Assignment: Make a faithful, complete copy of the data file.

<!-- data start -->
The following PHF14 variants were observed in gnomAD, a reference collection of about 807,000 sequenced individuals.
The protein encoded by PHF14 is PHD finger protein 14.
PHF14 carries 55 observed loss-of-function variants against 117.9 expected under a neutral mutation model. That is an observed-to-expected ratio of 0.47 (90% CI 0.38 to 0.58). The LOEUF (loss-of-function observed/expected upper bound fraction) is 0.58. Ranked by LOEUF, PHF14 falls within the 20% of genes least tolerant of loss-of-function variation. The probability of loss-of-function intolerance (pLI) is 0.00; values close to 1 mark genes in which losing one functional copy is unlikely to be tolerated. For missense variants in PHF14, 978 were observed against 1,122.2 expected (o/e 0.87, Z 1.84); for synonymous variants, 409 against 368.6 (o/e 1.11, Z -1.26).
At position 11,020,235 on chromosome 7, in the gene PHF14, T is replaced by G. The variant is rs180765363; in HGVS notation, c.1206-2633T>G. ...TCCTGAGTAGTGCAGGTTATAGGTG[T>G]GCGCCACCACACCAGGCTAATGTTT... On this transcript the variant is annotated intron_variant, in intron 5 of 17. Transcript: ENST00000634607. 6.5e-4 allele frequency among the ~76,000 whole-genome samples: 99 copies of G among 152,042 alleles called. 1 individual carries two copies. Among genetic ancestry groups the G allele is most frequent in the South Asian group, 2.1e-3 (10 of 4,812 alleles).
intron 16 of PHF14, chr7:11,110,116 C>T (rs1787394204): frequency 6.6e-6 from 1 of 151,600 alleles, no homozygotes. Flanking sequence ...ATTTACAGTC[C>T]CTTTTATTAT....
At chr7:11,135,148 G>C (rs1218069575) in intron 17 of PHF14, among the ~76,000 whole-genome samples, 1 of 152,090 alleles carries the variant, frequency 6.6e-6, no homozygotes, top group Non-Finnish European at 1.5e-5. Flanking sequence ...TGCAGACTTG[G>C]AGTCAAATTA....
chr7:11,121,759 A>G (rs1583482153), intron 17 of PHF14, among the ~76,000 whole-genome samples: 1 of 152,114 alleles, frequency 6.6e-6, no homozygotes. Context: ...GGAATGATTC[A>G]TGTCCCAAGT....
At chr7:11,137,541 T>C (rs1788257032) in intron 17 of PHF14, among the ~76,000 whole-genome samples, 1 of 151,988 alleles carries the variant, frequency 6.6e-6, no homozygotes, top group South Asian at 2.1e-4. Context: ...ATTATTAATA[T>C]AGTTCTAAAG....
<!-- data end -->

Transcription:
The following PHF14 variants were observed in gnomAD, a reference collection of about 807,000 sequenced individuals.
The protein encoded by PHF14 is PHD finger protein 14.
PHF14 carries 55 observed loss-of-function variants against 117.9 expected under a neutral mutation model. That is an observed-to-expected ratio of 0.47 (90% CI 0.38 to 0.58). The LOEUF (loss-of-function observed/expected upper bound fraction) is 0.58. Ranked by LOEUF, PHF14 falls within the 20% of genes least tolerant of loss-of-function variation. The probability of loss-of-function intolerance (pLI) is 0.00; values close to 1 mark genes in which losing one functional copy is unlikely to be tolerated. For missense variants in PHF14, 978 were observed against 1,122.2 expected (o/e 0.87, Z 1.84); for synonymous variants, 409 against 368.6 (o/e 1.11, Z -1.26).
At position 11,020,235 on chromosome 7, in the gene PHF14, T is replaced by G. The variant is rs180765363; in HGVS notation, c.1206-2633T>G. ...TCCTGAGTAGTGCAGGTTATAGGTG[T>G]GCGCCACCACACCAGGCTAATGTTT... On this transcript the variant is annotated intron_variant, in intron 5 of 17. Transcript: ENST00000634607. 6.5e-4 allele frequency among the ~76,000 whole-genome samples: 99 copies of G among 152,042 alleles called. 1 individual carries two copies. Among genetic ancestry groups the G allele is most frequent in the South Asian group, 2.1e-3 (10 of 4,812 alleles).
intron 16 of PHF14, chr7:11,110,116 C>T (rs1787394204): frequency 6.6e-6 from 1 of 151,600 alleles, no homozygotes. Flanking sequence ...ATTTACAGTC[C>T]CTTTTATTAT....
At chr7:11,135,148 G>C (rs1218069575) in intron 17 of PHF14, among the ~76,000 whole-genome samples, 1 of 152,090 alleles carries the variant, frequency 6.6e-6, no homozygotes, top group Non-Finnish European at 1.5e-5. Flanking sequence ...TGCAGACTTG[G>C]AGTCAAATTA....
chr7:11,121,759 A>G (rs1583482153), intron 17 of PHF14, among the ~76,000 whole-genome samples: 1 of 152,114 alleles, frequency 6.6e-6, no homozygotes. Context: ...GGAATGATTC[A>G]TGTCCCAAGT....
At chr7:11,137,541 T>C (rs1788257032) in intron 17 of PHF14, among the ~76,000 whole-genome samples, 1 of 151,988 alleles carries the variant, frequency 6.6e-6, no homozygotes, top group South Asian at 2.1e-4. Context: ...ATTATTAATA[T>C]AGTTCTAAAG....